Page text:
Some merchants in downtown Pleasanton are fighting mad that neither their own Pleasanton Downtown Association nor city government are doing enough to help bolster sales and their stores' profitability during these increasingly difficult economic times.
The culprits, they say, are property owners who charge rents that are simply too high during these troubling business times and let stores close without offering more reasonable rental agreements.
If you walk along Main Street, or even outside of downtown at the nearby Raley's Shopping Center and Rose Pavilion, you'll see what I mean. Empty storefronts and weathered "For Lease" signs are everywhere.
Last Sunday, I had breakfast at Copenhagen, a popular eatery in downtown Burlingame that's a favorite stop when I have to drop someone off at the San Francisco airport. At 10 a.m., both last Sunday and on many previous visits, Burlingame Avenue is filled with pedestrians. This is partly because the Burlingame Chamber of Commerce sponsors the city's Farmers Market on Sunday mornings, but also because all the retail stores are open. Even at mid-morning on a Sunday, the many off-street parking lots the city provides were filled. I found a spot behind Pottery Barn and walked through the store where I counted 12 customers shopping and out onto Burlingame Avenue where numerous locally-owned and operated stores as well as several other chains were doing a brisk business.
Burlingame has done a good job of keeping high-rises out of its downtown, although tall commercial and apartment buildings dot the skyline. It's also developed a retail model that seems to be working, with enough of the Ann Taylor Loft and J. Crew-type stores to attract shoppers of all ages while also boosting pedestrian traffic for the smaller retailers.
Pleasanton could do the same without damaging its historic downtown look and feel. Craig Scharton, when he was executive director of the PDA and helped draft the Downtown Specific Plan which is still in play, suggested asking Williams-Sonoma, Crate & Barrel and Gap Jr. to open downtown stores, but he was shouted down by smaller store owners who felt threatened. They believed then and probably still do and with good reason, that larger stores would pay higher rents, eventually driving them out of business when their leases renew.
But that's already happening. Comerica will soon open a branch bank in the newly-restored Kolln building at Main and Division, paying $4.50 a square foot or more, well beyond what Powell Sweet Shop (which is also in Burlingame) could afford. With chains such as Tully's, Round Table Pizza and others, and Bank of America leasing out premium space in its reduced-service banking facility, rents are holding at rates the smaller family-owned shops are having trouble paying, and certainly too high these days to attract many new retailers.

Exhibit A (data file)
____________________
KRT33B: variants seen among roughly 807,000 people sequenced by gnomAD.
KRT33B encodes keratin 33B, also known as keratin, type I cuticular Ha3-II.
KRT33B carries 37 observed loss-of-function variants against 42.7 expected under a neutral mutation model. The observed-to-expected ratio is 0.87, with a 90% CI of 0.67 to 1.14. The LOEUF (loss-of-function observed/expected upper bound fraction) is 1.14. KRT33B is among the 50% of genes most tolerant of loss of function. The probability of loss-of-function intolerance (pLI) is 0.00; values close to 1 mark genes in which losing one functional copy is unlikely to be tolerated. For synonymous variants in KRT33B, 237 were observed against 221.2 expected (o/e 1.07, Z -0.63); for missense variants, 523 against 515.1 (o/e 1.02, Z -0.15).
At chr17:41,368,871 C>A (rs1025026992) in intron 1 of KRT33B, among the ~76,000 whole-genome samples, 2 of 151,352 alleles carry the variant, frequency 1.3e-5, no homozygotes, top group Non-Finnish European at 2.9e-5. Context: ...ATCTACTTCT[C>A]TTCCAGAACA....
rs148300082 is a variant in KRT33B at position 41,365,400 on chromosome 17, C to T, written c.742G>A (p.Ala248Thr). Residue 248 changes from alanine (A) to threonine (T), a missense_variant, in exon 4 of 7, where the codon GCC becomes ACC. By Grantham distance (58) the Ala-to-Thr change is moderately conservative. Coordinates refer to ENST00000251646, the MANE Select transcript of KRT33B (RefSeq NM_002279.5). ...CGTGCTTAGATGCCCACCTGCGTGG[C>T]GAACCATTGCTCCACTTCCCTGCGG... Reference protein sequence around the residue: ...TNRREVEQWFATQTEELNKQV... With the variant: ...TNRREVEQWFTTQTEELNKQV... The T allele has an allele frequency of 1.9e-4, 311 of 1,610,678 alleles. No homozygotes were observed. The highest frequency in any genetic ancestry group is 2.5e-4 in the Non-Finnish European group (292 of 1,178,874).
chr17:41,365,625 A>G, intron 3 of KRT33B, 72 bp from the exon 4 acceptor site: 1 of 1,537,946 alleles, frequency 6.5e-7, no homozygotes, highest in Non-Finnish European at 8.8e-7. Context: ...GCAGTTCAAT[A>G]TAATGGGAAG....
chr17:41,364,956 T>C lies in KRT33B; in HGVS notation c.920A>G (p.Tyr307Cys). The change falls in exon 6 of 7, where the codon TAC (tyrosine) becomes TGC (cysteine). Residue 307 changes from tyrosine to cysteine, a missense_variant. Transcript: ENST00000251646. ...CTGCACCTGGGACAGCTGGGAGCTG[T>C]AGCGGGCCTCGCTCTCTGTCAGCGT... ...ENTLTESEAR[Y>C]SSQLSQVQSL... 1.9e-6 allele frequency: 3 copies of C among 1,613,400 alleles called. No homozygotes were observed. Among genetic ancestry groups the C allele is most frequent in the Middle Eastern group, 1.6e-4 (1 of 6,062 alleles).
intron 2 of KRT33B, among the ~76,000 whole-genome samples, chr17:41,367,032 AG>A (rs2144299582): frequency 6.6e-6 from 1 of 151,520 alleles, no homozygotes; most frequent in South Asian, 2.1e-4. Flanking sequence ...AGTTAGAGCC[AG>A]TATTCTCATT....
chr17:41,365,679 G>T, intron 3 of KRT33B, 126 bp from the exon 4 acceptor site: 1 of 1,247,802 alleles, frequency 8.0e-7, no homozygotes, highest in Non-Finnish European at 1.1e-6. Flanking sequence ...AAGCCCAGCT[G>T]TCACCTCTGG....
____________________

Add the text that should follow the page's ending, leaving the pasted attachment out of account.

This is where the city government, through the office of the Economic Development Director Pamela Ott, can lend a hand. The PDA does a good job of sponsoring downtown events, such as Concerts in the Park, and monitoring business activity. As a tax-supported and organization, where all downtown property owners and merchants must be dues-paying members, it answers to everyone downtown and lacks the power to force major change in the retail mix or to offer needed incentives to bring new businesses to the downtown.
It's been unable to provide the teeth needed to develop tax incentives and force property owners to offer lower rents, at least on a short-term basis, to attract new retailers. Unlike Livermore, Pleasanton has no redevelopment district to bring improvement money to its downtown, an idea rejected by Pleasanton in the 1980s. Unlike Dublin, Pleasanton doesn't have major developers agreeing to help finance downtown development as part of their approval agreements for multi-million-dollar apartment, condo and housing projects elsewhere. But Ott and a forward-thinking City Manager, Nelson Fialho and city staff have good ideas for boosting downtown business, such as rebuilding the Domus building into a two-to-three story complex with underground parking, retail-only on the first floor and apartments or condos on the top, similar to what Dublin has been doing.
There's also no rule that an historic downtown must close itself to chains. This doesn't mean bringing Neiman Marcus to our downtown, but a Gap Jr. or Restoration Hardware could help. Again, with a more pro-active City Council to support city staff in reaching out to these retailers, downtown merchants large and small could see pedestrian traffic and sales looking much like Burlingame's with parking lots full and customers waiting in line at cash registers.
It will take a more global view of retailing to compete successfully with our neighbors while also keeping the integrity and historic value of downtown Pleasanton.